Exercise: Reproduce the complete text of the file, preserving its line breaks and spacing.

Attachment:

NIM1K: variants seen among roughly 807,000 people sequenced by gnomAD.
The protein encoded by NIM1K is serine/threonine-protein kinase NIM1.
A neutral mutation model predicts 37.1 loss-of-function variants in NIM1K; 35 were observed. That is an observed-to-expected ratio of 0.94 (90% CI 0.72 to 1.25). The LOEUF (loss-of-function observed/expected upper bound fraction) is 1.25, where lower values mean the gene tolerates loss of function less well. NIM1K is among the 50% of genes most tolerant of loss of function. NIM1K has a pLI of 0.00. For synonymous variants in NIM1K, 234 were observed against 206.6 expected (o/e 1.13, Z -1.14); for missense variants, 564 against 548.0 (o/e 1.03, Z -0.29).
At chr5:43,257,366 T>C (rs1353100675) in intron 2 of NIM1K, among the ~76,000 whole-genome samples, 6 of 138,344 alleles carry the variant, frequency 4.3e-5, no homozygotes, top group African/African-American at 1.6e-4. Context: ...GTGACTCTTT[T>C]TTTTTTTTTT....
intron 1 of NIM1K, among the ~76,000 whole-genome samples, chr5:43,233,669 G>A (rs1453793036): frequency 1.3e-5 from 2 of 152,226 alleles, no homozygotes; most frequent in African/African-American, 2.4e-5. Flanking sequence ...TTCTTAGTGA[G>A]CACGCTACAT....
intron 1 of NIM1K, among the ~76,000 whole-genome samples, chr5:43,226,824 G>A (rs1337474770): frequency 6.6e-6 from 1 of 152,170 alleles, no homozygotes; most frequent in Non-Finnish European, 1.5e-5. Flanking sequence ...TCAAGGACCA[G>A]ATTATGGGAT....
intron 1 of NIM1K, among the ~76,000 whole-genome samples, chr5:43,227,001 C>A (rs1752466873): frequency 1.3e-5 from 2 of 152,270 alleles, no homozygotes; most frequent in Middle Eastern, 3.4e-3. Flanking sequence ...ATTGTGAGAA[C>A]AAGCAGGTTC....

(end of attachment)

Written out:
NIM1K: variants seen among roughly 807,000 people sequenced by gnomAD.
The protein encoded by NIM1K is serine/threonine-protein kinase NIM1.
A neutral mutation model predicts 37.1 loss-of-function variants in NIM1K; 35 were observed. That is an observed-to-expected ratio of 0.94 (90% CI 0.72 to 1.25). The LOEUF (loss-of-function observed/expected upper bound fraction) is 1.25, where lower values mean the gene tolerates loss of function less well. NIM1K is among the 50% of genes most tolerant of loss of function. NIM1K has a pLI of 0.00. For synonymous variants in NIM1K, 234 were observed against 206.6 expected (o/e 1.13, Z -1.14); for missense variants, 564 against 548.0 (o/e 1.03, Z -0.29).
At chr5:43,257,366 T>C (rs1353100675) in intron 2 of NIM1K, among the ~76,000 whole-genome samples, 6 of 138,344 alleles carry the variant, frequency 4.3e-5, no homozygotes, top group African/African-American at 1.6e-4. Context: ...GTGACTCTTT[T>C]TTTTTTTTTT....
intron 1 of NIM1K, among the ~76,000 whole-genome samples, chr5:43,233,669 G>A (rs1453793036): frequency 1.3e-5 from 2 of 152,226 alleles, no homozygotes; most frequent in African/African-American, 2.4e-5. Flanking sequence ...TTCTTAGTGA[G>A]CACGCTACAT....
intron 1 of NIM1K, among the ~76,000 whole-genome samples, chr5:43,226,824 G>A (rs1337474770): frequency 6.6e-6 from 1 of 152,170 alleles, no homozygotes; most frequent in Non-Finnish European, 1.5e-5. Flanking sequence ...TCAAGGACCA[G>A]ATTATGGGAT....
intron 1 of NIM1K, among the ~76,000 whole-genome samples, chr5:43,227,001 C>A (rs1752466873): frequency 1.3e-5 from 2 of 152,270 alleles, no homozygotes; most frequent in Middle Eastern, 3.4e-3. Flanking sequence ...ATTGTGAGAA[C>A]AAGCAGGTTC....